Cheesemaking 101: Ingredients Needed to Make Cheese

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Cheesemaking 101: Ingredients Needed to Make Cheese

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If you want to make cheese, you need to have milk.

Almost any milk is suitable for creating cheese if you have enough ingredients available to restore its quality. Homogenized and ultra-pasteurized products won’t make the same cheese as raw milk. Still, anything fresh is usually better than nothing!

Having access to fresh farm milk is the best way to make cheese at home. If you must buy it from a store, leave the container closed until you’re ready to begin creating something.

Any milk that tastes sour will make terrible cheese.

Once you secure this primary ingredient, you can explore the other items required to become a home cheesemaker.

What Ingredients Do I Need to Make Cheese?

1. Cultures

Starter cultures ripen the milk by introducing friendly bacteria to the fluid. Increases in acidity levels work to ferment the lactose to create several essential changes. Your recipe will tell you went to add one and at what temperature.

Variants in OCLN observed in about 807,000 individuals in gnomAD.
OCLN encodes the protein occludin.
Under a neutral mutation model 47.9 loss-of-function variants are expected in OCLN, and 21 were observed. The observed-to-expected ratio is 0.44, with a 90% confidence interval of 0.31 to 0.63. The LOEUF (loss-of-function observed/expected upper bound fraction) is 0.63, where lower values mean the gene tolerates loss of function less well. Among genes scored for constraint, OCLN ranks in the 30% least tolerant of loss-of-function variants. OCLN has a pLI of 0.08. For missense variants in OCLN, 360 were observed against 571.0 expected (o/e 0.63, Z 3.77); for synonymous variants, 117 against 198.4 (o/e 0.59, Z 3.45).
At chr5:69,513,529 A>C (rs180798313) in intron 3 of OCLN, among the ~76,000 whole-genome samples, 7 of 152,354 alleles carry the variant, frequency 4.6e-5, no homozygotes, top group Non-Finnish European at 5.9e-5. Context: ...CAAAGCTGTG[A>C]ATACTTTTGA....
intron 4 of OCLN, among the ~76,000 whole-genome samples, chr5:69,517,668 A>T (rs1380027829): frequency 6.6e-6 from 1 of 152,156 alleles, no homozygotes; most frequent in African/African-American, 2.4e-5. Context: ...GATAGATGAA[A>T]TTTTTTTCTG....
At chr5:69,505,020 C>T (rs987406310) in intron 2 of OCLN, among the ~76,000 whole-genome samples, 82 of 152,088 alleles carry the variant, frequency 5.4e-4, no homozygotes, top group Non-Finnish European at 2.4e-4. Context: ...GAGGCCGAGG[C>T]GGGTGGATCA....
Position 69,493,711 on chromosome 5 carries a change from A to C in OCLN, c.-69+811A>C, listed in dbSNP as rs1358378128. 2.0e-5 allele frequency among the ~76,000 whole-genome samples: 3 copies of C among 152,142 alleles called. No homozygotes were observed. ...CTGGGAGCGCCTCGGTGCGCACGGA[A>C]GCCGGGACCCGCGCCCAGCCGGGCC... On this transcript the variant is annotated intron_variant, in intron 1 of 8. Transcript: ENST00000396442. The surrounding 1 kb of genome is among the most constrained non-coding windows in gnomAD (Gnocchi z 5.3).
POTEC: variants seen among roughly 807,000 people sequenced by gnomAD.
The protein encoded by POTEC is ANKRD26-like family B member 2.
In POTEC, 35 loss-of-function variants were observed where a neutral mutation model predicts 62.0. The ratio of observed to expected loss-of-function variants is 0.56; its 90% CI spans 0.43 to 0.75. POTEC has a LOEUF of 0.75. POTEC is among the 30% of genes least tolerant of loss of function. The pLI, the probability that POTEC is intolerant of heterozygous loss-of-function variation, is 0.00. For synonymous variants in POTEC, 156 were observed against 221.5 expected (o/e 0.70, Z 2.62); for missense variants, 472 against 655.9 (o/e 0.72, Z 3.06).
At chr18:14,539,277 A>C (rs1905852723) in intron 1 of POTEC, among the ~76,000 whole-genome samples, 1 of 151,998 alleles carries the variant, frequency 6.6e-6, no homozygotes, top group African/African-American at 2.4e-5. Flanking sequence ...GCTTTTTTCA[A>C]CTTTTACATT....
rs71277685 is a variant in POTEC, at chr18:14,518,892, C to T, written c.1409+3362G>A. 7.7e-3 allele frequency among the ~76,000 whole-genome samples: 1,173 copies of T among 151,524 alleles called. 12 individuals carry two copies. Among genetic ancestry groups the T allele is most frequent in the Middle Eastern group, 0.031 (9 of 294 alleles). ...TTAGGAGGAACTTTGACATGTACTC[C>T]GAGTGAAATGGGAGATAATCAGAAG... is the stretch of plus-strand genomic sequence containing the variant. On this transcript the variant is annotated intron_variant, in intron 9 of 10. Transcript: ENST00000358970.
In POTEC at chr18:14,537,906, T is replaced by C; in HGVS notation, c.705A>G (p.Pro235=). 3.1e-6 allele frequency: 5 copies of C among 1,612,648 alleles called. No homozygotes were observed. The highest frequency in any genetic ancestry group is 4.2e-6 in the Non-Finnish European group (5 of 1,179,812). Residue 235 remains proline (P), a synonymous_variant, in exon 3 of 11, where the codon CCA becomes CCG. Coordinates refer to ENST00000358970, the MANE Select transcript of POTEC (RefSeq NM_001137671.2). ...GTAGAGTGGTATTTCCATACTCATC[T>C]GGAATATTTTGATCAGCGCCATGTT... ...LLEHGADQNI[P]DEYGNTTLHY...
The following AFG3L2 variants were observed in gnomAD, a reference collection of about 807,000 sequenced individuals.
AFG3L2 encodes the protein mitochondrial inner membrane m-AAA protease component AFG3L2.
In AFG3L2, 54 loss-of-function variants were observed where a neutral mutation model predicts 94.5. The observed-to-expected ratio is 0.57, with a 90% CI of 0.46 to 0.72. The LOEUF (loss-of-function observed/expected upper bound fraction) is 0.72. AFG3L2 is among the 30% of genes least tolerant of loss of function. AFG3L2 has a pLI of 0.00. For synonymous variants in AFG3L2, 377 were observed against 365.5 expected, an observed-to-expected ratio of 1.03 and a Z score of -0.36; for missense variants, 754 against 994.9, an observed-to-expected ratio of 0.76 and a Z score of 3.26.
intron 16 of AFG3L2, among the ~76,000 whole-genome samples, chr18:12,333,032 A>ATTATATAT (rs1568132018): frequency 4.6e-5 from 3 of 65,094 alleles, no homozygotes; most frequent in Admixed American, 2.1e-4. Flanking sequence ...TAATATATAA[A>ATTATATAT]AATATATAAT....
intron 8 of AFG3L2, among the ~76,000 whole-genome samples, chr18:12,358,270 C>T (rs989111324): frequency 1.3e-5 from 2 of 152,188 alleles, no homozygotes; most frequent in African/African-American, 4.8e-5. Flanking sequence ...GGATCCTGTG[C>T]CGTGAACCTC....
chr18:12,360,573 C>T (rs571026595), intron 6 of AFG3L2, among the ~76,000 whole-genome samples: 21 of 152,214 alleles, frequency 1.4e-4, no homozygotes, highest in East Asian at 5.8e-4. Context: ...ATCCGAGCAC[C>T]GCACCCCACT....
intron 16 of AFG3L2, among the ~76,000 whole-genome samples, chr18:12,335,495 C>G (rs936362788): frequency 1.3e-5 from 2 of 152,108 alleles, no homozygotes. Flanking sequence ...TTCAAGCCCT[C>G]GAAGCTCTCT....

You can choose from mesophilic or thermophilic starter cultures. A yogurt starter culture is also a possibility.

Direct set cultures are ingredients that get added to warmed milk directly. It’s the easiest option for many first-time cheesemakers. Some include a small amount of rennet to simplify the work taking place in the kitchen.

2. Mold Powders

Some recipes require you to add mold powders to enhance the aroma and flavor of the cheese you make. Most ingredients in this category come in the form of a freeze-dried product. Keep it cold until you’re ready to use it.

White mold, blue mold, and red mold are the most common choices found when this ingredient is necessary. You can also use products like Penicillium Candidum, Penicillium Roqueforti, or Propionic Shermanii.

White mold powders are useful for cheese recipes like Brie and Camembert. It works to inhibit the growth of undesirable products while reducing the acidity levels in the final product.